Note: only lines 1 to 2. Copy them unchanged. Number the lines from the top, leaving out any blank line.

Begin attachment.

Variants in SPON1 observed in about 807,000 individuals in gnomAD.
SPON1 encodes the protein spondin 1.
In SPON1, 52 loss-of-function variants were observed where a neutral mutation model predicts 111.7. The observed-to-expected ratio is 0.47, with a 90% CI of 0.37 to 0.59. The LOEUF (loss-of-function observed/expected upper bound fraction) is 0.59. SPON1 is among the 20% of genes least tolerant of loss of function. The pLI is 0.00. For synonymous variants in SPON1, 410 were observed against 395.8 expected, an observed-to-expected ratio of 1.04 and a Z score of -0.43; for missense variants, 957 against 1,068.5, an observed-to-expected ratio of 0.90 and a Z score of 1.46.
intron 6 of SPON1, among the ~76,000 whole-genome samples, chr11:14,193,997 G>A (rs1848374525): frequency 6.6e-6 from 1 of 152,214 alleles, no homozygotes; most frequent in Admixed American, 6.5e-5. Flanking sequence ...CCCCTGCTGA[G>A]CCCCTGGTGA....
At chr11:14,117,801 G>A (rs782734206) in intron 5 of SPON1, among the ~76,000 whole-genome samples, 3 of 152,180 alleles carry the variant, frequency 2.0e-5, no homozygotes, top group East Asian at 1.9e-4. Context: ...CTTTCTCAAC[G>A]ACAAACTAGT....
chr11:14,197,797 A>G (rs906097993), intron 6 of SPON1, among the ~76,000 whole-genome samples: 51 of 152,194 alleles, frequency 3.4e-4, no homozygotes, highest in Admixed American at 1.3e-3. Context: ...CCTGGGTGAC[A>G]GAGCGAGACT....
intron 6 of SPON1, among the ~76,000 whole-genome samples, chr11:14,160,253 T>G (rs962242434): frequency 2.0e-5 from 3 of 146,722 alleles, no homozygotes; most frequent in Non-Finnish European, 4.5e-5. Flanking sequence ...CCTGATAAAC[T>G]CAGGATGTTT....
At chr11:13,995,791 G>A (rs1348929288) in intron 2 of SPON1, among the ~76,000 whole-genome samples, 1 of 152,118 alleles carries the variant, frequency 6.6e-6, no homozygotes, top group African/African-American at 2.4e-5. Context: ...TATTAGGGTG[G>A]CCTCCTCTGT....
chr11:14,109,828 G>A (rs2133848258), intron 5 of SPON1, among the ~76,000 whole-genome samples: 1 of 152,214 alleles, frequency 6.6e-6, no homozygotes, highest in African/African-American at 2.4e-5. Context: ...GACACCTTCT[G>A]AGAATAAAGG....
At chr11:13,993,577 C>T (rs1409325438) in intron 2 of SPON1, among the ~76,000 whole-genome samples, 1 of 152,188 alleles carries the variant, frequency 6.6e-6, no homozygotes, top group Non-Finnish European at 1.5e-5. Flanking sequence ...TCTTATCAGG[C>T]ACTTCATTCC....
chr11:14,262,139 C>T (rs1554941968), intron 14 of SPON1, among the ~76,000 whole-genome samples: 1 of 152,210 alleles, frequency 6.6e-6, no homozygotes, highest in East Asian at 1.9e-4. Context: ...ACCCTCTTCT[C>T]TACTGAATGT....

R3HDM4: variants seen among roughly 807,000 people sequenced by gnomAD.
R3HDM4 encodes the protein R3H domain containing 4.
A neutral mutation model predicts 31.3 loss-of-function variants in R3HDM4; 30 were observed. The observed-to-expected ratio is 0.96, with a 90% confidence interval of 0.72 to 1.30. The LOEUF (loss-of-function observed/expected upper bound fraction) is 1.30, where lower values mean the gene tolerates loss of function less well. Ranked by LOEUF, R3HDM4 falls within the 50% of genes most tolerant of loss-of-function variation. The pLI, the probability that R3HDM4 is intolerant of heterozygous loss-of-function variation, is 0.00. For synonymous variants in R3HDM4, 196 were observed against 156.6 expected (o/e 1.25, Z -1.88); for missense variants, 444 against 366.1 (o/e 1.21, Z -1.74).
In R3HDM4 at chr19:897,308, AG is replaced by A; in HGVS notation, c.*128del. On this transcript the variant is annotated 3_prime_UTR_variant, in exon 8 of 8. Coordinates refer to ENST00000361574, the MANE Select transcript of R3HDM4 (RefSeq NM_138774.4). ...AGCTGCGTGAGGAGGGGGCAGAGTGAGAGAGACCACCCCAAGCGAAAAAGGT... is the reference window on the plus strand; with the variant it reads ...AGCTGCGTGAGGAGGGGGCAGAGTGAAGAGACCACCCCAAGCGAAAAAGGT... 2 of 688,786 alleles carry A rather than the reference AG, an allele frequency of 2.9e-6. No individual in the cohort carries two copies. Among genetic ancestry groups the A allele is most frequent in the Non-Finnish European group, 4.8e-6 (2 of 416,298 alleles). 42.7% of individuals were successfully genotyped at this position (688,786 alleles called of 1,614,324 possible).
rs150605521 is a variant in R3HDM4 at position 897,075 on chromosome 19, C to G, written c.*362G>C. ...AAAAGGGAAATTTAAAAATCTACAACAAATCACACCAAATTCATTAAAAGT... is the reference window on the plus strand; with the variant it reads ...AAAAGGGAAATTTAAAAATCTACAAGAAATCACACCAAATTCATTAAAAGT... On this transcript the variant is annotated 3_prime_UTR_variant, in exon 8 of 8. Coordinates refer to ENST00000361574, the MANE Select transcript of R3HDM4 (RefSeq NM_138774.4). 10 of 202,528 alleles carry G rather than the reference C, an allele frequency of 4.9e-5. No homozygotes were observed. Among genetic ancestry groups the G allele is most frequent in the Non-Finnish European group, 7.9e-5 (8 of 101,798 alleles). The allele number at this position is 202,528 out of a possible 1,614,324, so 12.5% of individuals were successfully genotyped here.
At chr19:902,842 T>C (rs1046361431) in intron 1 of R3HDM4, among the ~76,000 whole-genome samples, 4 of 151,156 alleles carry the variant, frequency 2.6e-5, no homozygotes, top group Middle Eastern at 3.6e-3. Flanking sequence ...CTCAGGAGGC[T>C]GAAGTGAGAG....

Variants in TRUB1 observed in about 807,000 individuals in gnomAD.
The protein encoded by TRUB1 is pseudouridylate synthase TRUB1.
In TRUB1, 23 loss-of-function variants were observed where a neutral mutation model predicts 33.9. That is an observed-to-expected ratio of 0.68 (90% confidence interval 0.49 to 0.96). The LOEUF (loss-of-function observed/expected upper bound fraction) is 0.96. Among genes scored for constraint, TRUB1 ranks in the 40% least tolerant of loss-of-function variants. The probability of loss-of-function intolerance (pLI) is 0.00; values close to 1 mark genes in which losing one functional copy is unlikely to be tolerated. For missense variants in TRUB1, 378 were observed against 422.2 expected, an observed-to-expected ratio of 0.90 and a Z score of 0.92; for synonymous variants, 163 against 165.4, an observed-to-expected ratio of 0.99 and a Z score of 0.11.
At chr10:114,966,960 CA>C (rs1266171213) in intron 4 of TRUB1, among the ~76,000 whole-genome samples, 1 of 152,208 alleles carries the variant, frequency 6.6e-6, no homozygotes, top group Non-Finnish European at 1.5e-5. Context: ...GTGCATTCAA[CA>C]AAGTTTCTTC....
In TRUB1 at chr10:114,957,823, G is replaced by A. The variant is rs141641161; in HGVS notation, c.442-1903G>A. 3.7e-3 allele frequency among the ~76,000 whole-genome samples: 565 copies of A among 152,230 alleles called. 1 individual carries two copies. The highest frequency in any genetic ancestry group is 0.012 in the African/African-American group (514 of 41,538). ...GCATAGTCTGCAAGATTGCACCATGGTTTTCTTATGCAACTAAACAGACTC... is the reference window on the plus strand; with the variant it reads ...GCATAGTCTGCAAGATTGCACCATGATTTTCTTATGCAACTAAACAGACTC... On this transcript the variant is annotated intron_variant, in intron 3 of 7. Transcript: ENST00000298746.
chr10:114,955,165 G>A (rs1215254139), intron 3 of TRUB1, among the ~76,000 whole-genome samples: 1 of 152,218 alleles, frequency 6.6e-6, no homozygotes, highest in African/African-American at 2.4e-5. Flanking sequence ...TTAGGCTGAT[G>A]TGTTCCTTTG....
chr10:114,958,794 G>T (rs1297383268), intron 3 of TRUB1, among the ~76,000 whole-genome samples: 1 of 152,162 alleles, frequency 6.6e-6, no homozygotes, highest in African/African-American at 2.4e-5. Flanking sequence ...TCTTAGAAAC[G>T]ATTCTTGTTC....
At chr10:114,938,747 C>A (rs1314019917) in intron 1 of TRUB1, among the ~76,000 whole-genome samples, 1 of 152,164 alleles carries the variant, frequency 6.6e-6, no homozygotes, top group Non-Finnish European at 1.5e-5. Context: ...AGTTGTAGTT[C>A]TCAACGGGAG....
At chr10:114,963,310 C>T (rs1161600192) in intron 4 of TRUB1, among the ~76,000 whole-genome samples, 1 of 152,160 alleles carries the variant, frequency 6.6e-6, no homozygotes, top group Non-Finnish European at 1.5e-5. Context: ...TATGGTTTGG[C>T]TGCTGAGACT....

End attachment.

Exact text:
Variants in SPON1 observed in about 807,000 individuals in gnomAD.
SPON1 encodes the protein spondin 1.